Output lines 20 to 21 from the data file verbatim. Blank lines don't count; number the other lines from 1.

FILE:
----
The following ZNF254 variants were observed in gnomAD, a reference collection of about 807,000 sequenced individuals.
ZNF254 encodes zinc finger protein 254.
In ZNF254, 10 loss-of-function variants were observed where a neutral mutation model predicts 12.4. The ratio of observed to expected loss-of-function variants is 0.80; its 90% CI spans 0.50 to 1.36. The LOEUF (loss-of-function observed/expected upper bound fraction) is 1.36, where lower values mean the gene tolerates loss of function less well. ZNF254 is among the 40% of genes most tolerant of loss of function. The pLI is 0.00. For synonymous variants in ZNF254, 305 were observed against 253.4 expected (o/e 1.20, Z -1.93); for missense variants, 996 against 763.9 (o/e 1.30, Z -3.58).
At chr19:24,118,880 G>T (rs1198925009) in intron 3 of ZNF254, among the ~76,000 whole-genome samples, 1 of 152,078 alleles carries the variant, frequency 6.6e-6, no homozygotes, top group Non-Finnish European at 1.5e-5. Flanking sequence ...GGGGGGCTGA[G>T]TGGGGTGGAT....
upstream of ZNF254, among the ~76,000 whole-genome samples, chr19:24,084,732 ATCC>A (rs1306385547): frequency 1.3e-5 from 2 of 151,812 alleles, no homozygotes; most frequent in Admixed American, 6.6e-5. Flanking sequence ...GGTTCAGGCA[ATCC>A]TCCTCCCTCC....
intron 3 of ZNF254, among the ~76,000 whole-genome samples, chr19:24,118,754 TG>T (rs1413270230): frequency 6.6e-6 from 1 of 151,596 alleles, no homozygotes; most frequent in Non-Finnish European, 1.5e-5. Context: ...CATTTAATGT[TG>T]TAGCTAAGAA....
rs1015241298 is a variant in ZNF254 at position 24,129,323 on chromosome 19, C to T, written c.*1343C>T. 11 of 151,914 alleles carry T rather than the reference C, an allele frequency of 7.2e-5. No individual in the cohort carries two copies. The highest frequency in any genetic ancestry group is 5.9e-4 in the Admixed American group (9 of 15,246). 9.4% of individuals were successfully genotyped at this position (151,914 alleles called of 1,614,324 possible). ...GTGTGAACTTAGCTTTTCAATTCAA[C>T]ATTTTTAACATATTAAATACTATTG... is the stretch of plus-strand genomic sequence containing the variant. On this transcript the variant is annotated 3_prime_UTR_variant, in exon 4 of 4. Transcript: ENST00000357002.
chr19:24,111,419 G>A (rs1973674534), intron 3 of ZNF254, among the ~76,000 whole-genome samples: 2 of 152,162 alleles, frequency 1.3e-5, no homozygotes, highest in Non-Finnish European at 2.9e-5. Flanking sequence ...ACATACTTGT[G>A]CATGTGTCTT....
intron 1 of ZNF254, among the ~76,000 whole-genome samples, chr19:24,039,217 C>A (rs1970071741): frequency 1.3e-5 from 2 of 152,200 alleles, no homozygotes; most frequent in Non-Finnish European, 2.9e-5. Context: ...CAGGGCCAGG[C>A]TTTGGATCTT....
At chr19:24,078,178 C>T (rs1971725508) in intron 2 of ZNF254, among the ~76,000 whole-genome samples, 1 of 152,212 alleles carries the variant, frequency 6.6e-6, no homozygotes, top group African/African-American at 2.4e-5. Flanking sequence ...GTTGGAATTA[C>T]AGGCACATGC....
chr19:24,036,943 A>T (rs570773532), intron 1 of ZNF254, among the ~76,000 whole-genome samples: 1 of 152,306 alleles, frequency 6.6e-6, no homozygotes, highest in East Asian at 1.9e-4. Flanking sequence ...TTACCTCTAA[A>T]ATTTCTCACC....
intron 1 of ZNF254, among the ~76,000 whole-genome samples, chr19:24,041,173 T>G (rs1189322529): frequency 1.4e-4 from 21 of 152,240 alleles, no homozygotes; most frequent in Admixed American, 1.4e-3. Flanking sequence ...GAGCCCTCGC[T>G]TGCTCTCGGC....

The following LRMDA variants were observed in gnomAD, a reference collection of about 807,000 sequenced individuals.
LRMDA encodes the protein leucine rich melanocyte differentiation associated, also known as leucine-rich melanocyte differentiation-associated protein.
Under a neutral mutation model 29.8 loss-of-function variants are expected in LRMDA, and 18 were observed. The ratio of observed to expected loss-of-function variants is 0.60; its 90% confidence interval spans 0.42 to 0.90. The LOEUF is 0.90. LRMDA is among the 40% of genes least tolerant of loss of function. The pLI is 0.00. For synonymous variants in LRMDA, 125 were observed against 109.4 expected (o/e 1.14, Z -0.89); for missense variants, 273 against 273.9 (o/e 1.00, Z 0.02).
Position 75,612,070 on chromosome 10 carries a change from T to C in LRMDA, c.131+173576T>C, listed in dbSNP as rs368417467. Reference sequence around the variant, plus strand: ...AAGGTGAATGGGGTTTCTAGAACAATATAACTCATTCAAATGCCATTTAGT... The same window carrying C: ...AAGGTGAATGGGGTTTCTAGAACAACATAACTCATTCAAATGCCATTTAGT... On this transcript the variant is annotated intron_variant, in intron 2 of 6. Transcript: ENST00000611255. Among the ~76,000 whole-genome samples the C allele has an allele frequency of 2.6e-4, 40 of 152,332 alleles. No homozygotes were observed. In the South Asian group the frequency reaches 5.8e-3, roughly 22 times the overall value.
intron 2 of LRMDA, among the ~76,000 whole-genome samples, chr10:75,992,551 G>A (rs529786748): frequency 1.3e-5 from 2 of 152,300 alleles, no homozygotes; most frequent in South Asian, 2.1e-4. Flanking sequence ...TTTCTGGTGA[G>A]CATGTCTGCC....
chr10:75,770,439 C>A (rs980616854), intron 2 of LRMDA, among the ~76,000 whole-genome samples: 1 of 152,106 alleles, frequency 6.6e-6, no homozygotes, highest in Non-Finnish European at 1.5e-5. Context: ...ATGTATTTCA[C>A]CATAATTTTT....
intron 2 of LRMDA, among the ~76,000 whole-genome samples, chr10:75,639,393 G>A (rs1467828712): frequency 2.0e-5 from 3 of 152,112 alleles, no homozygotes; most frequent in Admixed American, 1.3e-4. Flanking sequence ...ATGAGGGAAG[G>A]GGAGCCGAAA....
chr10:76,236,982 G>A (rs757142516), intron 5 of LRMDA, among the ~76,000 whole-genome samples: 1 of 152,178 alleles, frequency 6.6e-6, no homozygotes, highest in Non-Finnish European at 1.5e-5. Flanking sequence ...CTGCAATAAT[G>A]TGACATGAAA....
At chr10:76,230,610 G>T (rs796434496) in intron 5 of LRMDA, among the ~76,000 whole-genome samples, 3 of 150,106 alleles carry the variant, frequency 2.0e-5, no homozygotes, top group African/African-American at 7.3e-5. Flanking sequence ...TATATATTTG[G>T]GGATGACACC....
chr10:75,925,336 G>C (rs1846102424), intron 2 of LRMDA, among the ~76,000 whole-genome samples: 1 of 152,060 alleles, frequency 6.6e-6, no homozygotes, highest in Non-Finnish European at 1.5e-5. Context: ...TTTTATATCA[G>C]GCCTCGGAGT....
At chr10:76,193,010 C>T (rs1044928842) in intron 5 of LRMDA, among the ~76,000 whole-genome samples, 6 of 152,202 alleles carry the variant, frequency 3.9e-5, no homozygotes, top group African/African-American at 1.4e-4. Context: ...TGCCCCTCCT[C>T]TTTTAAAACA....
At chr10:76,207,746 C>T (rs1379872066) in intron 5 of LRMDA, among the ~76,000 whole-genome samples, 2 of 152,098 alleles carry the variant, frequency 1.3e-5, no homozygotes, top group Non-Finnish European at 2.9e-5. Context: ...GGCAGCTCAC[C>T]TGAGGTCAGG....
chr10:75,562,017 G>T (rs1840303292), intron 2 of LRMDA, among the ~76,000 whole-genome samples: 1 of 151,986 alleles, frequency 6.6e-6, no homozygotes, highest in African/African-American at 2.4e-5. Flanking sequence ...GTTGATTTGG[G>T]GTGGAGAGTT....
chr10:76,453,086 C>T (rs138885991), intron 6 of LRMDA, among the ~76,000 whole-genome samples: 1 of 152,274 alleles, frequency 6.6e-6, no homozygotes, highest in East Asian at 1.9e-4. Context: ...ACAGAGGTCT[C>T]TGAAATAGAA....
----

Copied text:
chr10:76,236,982 G>A (rs757142516), intron 5 of LRMDA, among the ~76,000 whole-genome samples: 1 of 152,178 alleles, frequency 6.6e-6, no homozygotes, highest in Non-Finnish European at 1.5e-5. Flanking sequence ...CTGCAATAAT[G>A]TGACATGAAA....
At chr10:76,230,610 G>T (rs796434496) in intron 5 of LRMDA, among the ~76,000 whole-genome samples, 3 of 150,106 alleles carry the variant, frequency 2.0e-5, no homozygotes, top group African/African-American at 7.3e-5. Flanking sequence ...TATATATTTG[G>T]GGATGACACC....